Now we know why there was such a gap between Nadine Dorries announcing she was quitting as MP for Mid-Bedfordshire, and formally submitting her resignation letter. She used the time to sharpen her attacks on Rishi Sunak.

What a letter. Ooft. In politics, the person resigning usually tries to cloak their criticisms in velvety words and phrases. The tone is more in sorrow than anger. Think of Sajid Javid’s letter to Boris Johnson (“the country needs a strong and principled Conservative Party”), or indeed Mr Sunak’s (“The public rightly expect government to be conducted properly, competently and seriously”).

Ms Dorries, a former Culture Secretary, rejected a rapier as her weapon of choice and instead came out like Scarface, all guns blazing. “Who would vote for this government?” she asked the Prime Minister in a line destined for a billboard some day.

Not content with a brutal letter, Ms Dorries has a book out next month that is set to be highly critical of the Prime Minister. The Plot: the Political Assassination of Boris Johnson promises to reveal “the shocking truth about powerful forces operating behind the scenes in the heart of Westminster”.

Ms Dorries’ book is released, like a bat from the belfry, on September 28. In the meantime, Theresa May brings together her thoughts on government in a new book, The Abuse of Power, out on September 14.

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Both titles are out in time for the Conservative Party conference in Manchester on October 1-4. Yes, it is getting close to that time of year again when cities find themselves taken over by political parties and their camp followers in the media.

This year’s conferences are attracting particular attention because they could be the parties’ last major outings before a general election in 2024. When in 2024 depends which way the wind happens to be blowing on any particular day.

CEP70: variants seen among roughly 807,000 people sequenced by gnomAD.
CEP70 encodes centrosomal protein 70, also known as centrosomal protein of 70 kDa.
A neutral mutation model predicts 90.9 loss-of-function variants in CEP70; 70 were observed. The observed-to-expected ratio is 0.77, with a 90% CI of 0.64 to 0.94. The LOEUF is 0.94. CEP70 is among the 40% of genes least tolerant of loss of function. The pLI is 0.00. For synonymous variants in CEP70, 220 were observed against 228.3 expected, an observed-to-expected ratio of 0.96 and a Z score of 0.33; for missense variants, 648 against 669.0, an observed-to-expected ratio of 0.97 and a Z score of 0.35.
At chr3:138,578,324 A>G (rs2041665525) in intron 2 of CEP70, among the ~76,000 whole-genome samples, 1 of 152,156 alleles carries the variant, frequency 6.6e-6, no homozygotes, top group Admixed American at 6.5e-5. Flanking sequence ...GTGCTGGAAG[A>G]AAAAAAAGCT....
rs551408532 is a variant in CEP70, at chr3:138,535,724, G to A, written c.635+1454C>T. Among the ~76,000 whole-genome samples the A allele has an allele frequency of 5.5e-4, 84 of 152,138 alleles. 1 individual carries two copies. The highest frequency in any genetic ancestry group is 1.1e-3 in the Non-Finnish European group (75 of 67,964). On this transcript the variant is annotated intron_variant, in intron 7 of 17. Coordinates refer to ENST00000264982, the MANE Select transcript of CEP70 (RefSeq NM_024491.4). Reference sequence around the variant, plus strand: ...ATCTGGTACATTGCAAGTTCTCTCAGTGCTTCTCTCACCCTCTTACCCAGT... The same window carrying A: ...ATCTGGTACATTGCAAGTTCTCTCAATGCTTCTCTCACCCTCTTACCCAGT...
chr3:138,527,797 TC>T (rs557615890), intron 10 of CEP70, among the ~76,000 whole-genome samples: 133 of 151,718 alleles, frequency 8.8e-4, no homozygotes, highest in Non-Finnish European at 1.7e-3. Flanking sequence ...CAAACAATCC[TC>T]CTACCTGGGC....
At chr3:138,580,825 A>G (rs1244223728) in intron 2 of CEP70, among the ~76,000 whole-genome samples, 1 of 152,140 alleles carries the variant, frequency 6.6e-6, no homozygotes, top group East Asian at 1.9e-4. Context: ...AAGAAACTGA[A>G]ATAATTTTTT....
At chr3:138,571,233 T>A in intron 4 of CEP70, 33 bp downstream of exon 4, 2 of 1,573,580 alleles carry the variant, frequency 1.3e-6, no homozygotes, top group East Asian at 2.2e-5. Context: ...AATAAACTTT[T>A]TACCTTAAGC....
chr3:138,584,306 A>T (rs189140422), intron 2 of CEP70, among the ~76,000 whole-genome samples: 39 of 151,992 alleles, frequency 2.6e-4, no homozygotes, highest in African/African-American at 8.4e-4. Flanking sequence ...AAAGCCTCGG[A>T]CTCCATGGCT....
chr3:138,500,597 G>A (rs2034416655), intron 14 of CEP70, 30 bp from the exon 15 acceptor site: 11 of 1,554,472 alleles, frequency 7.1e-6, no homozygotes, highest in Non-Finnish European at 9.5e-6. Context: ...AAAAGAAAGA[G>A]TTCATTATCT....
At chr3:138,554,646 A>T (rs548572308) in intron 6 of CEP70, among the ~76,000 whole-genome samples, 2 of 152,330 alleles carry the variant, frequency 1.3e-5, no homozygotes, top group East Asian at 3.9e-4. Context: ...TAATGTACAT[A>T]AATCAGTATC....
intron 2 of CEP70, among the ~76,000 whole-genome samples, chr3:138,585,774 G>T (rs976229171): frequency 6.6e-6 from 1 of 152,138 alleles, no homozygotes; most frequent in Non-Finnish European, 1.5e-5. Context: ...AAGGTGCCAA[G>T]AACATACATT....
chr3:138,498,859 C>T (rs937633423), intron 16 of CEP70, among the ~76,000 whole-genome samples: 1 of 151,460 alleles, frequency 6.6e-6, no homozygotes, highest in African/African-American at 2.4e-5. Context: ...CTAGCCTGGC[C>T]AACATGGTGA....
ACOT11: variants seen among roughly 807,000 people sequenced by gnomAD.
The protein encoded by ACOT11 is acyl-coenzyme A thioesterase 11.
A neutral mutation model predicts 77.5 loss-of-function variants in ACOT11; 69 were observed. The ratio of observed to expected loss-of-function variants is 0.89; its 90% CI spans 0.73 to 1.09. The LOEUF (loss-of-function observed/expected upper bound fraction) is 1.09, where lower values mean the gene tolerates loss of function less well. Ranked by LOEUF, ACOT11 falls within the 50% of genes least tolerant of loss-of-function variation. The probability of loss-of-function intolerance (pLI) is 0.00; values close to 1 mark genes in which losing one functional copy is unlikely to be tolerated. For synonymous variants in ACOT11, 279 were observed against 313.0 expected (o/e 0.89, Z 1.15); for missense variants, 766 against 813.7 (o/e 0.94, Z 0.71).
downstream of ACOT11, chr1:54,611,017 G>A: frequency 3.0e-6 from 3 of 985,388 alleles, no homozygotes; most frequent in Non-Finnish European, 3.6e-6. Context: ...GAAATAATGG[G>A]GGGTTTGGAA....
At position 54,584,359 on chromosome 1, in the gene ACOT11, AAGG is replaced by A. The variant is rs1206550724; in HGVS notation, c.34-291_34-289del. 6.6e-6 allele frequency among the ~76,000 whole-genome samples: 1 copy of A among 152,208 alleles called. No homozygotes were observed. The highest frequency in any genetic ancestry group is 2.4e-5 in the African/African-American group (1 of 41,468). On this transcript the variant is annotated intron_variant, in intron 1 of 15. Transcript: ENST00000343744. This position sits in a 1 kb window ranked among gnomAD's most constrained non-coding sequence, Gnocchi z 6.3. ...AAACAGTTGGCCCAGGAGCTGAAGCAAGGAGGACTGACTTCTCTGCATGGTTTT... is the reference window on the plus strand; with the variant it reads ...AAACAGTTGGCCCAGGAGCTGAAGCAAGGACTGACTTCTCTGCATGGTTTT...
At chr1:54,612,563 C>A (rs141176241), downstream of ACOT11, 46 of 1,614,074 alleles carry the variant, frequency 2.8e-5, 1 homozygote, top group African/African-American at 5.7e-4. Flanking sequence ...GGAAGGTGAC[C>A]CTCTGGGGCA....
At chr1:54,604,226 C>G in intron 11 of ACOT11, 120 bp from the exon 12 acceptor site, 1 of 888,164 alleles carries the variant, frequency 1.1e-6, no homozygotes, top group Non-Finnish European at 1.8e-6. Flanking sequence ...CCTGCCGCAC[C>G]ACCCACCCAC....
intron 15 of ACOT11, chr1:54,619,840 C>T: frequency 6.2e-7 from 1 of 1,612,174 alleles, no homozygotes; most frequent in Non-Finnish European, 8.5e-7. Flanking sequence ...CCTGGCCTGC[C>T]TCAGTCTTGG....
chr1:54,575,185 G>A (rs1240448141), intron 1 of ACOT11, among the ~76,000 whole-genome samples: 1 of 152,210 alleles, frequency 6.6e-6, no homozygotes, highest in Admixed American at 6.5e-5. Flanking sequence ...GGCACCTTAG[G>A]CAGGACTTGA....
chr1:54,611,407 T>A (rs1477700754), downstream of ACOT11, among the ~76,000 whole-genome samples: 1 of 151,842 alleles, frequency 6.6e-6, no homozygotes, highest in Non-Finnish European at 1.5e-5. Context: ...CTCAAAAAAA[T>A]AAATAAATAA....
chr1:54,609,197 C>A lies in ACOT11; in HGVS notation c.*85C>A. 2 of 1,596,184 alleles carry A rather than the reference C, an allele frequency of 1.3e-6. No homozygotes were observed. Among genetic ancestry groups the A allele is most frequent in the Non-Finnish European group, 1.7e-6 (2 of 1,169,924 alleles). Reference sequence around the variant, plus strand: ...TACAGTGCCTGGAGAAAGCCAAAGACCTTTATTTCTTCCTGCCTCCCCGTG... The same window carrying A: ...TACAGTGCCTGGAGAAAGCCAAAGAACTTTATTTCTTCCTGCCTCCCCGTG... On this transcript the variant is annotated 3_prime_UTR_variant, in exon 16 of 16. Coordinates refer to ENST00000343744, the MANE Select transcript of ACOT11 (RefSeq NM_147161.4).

There has been speculation around November, allowing more time for the economy to recover. November comes with all the usual warnings about turnout. That said, the 2019 election took place on December 12.

A disastrous result in the Mid-Bedfordshire by-election (Conservative majority 24,664) might influence timing. The writ for the by-election could be moved as soon as September 4, when the Commons returns from summer recess. A by-election must then take place between 21 and 27 days later.

The clock starts ticking when the writ is issued. This is usually within three months of a vacancy arising (longer is rare but not unknown). In Ms Dorries' case, will the vacancy date be June 9, when she announced her resignation “with immediate effect”, or the date on the letter released on Saturday?

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With a general election so close, this year’s party conferences are taking on added importance. This is the time to put the good stuff in the shop window and hide or bury the rest. Trading has been going on all summer.

Among the main parties, the Liberal Democrats are the first on the conference timetable. The gathering in Bournemouth from September 23-26 should find the party on a high following its recent by-election victory in Somerton and Frome.

Next it is Labour’s turn. As the party gathers In Liverpool from October 8-11, expect pressure from unions over pay and strikes, and from the conference in general over a Starmer government’s spending plans.

Internal criticism of Sir Keir for keeping the two-child benefit cap could erupt into the open. The leadership won’t mind if the message coming out of the conference is “stability, stability, stability”, but the rank and file need something to keep their spirits up during what could be a long wait ahead. At the moment, all Sir Keir and Shadow Chancellor Rachel Reeves seem to do is take commitments off the table.

For the Conservatives in Manchester, the only way is up. Last year’s conference in Birmingham saw the wheels come off the Truss government in spectacular fashion, leading to a Sunak takeover within the month.

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While this will be Mr Sunak’s first annual conference as Prime Minister it is unlikely to be a victory rally, with pressure on him to cut taxes and be bolder in general. Expect big turnouts in the hall for speeches by Kemi Badenoch, Suella Braverman, and Penny Mordaunt. Jokes about the latter’s sword-carrying skills are likely to feature heavily.

Finally, the SNP are in Aberdeen from October 15-17, where the leadership expects to come under pressure over its pact with the Greens. As for whether a certain police inquiry into party finances will have concluded by then, that is just one of several known unknowns ahead.

Roll on autumn.